Considering the popularity of Victorian gothic ghost stories, the dearth of contemporary horror films with the same properties is a little perplexing (Crimson Peak hive activate!). Enter The Sonata, the feature directorial debut of Andrew Desmond (who co-writes with Arthur Morin), which aims to rectify this.
The Sonata is a four-way co-production between Russia, Latvia, France and the UK, but the film is set in the latter two countries. It tells the story of Rose Fischer (Freya Tingley), a violin prodigy with a secret family connection to legendary composer, and recluse, Richard Marlowe (Rutger Hauer). Rose is Marlowe’s estranged daughter and, as a result of his abandonment of her when she was a child, Rose wants to achieve fame without relying on his name.
The film begins with surprisingly little exposition. Following a point of view shot of someone – eventually revealed to be Marlowe – literally setting themselves on fire, the action cuts to Rose, who worries that her career is stalling under the cautious guidance of her agent, Charles Vernais (Simon Abkarian). The truth about her lineage is revealed when she learns that she has inherited Marlowe’s palatial French home, which leads to a tense disagreement between pupil and mentor. Rose leaves to go to France, while Charles stays behind in the UK to sit and stew.
From here, the narrative is relatively straightforward. Rose quickly discovers that her father was an unpopular recluse; that he was working on a secret sonata that he clearly intended for her to discover; and that in order to understand it, she must uncover and decrypt a series of mysterious symbols scattered around the house and surrounding grounds. The mystery is admittedly a bit rote and audiences won’t have any difficulty staying at least three steps ahead of Rose or Charles, who is called in when spooky events begin occurring.
There are two main reasons to check out The Sonata:
1) The atmosphere of the film, which includes a gorgeous empty castle and haunted woods replete with mist and the cries of ghostly children. Desmond and production designer Audrius Dumikas lean into the film’s gothic horror aesthetics as Rose slowly becomes more and more paranoid and panicked as her father’s plans are revealed. Billowing curtains, dutch angles and swirling, dizzying shots feature prominently. Similarly the art direction by Janis Karklins, particularly the look of a triangular cottage buried deep in the woods with secrets straight out of Hostel looks evokes a cross between a fairytale and a nightmare. And while most of the daywear is functional and modern, Rolands Peterkops acknowledges the romantic history of the subgenre with Rose’s striking pale cream nightgown, which features prominently in the climax.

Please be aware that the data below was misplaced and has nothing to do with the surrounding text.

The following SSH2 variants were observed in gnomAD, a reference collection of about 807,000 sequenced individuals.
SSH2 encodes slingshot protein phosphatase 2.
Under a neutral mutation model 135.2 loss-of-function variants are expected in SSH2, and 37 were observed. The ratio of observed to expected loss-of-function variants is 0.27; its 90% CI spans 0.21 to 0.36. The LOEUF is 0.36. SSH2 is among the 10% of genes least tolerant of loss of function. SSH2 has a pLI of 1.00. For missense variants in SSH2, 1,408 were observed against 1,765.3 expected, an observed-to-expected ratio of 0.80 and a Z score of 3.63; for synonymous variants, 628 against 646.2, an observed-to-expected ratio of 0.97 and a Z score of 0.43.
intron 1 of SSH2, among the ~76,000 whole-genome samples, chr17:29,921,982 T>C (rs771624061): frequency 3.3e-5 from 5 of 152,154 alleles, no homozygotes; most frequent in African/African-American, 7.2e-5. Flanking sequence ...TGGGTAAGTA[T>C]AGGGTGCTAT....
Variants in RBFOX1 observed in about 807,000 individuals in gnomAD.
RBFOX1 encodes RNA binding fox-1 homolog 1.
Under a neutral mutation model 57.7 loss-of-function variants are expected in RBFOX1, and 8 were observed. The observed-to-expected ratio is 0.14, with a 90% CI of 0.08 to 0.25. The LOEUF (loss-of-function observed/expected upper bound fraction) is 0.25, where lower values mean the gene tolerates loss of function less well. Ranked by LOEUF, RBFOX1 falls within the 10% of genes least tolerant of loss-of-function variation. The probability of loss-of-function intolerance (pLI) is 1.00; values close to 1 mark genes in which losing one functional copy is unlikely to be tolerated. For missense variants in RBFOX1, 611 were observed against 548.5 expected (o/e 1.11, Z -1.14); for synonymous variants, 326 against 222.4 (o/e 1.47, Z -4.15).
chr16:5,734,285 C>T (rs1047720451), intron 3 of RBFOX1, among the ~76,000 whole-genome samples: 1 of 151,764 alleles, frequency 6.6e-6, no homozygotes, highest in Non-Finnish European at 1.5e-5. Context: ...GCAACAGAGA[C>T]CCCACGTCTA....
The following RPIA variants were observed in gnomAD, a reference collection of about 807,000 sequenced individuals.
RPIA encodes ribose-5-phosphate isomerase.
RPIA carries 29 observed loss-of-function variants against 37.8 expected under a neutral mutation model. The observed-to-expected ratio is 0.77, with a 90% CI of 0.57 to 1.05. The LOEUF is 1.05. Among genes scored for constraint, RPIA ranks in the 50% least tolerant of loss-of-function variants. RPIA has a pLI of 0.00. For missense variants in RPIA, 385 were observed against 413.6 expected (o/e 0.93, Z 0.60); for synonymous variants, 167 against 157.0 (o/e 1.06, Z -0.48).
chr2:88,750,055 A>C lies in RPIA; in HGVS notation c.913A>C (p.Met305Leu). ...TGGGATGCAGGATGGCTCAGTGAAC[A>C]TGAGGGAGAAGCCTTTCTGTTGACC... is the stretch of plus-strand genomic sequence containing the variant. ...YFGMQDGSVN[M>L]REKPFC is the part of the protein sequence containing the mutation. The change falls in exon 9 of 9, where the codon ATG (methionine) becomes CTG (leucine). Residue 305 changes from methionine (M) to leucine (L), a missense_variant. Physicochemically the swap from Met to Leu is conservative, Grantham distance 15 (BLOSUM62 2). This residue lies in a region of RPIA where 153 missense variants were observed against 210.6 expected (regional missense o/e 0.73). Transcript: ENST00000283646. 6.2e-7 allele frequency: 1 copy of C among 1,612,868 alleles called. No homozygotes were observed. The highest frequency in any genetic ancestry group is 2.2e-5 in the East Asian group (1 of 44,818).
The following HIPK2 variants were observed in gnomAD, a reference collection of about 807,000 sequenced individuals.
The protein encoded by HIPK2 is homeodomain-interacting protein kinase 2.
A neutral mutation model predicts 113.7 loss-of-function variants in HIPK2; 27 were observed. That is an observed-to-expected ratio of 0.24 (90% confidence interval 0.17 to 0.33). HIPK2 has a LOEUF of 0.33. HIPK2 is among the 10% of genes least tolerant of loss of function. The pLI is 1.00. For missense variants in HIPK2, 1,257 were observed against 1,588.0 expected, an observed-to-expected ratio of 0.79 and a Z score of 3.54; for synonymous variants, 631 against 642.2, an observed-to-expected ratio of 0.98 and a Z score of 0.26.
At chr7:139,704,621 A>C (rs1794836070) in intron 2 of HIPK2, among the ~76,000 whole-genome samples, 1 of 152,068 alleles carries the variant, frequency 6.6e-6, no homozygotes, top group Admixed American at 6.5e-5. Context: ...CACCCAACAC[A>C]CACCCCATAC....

2) The Sonato‘s other strength is the unexpected commitment to character work in Desmond and Morin’s script. Marlowe is a cipher in the film: he looms large over the proceedings, but Hauer himself is barely present (he appears twice and only in video). This leaves Tingley and Abkarian to carry the film almost exclusively on their own. There are other characters in the film, notably Marlowe’s housekeeper Thérèse (Catherine Schaub-Abkarian) and researcher Sir Victor Ferdinand (James Faulkner), but they exist principally to deliver exposition and make ominous declarations. Other characters, such as merchants and pub patrons, are mere set dressing to reinforce Rose’s isolation and confirm that her father was the local boogeyman.
The Sonata works best when it focuses on the relationship between Charles and Rose, which is one of both surrogate father/daughter and talent/manager. The latter complicates the former, which is where all of the tension comes from. Rose’s initial desire to reconnect with her deceased father’s work is quickly eclipsed by her fears that the sonata is evil, but Charles – as a failed artist and struggling agent – refuses to let the notoriety of Marlowe’s final work pass them by. This push/pull and the closeness of their relationship drives the film, setting up a climax that is a sadly a little predictable and underwhelming, albeit well-shot and theatrically edited.
The Bottom Line: Despite sticking to a familiar playbook, The Sonata is an enjoyable reminder of the atmospheric power of gothic horror, which pairs nicely with the horror genre’s recently revitalized interest in satanism. Come for the gorgeous production design and the complicated surrogate family dynamics; stay for the nihilism.
The Sonata is available in select theatres and On-Demand January 10.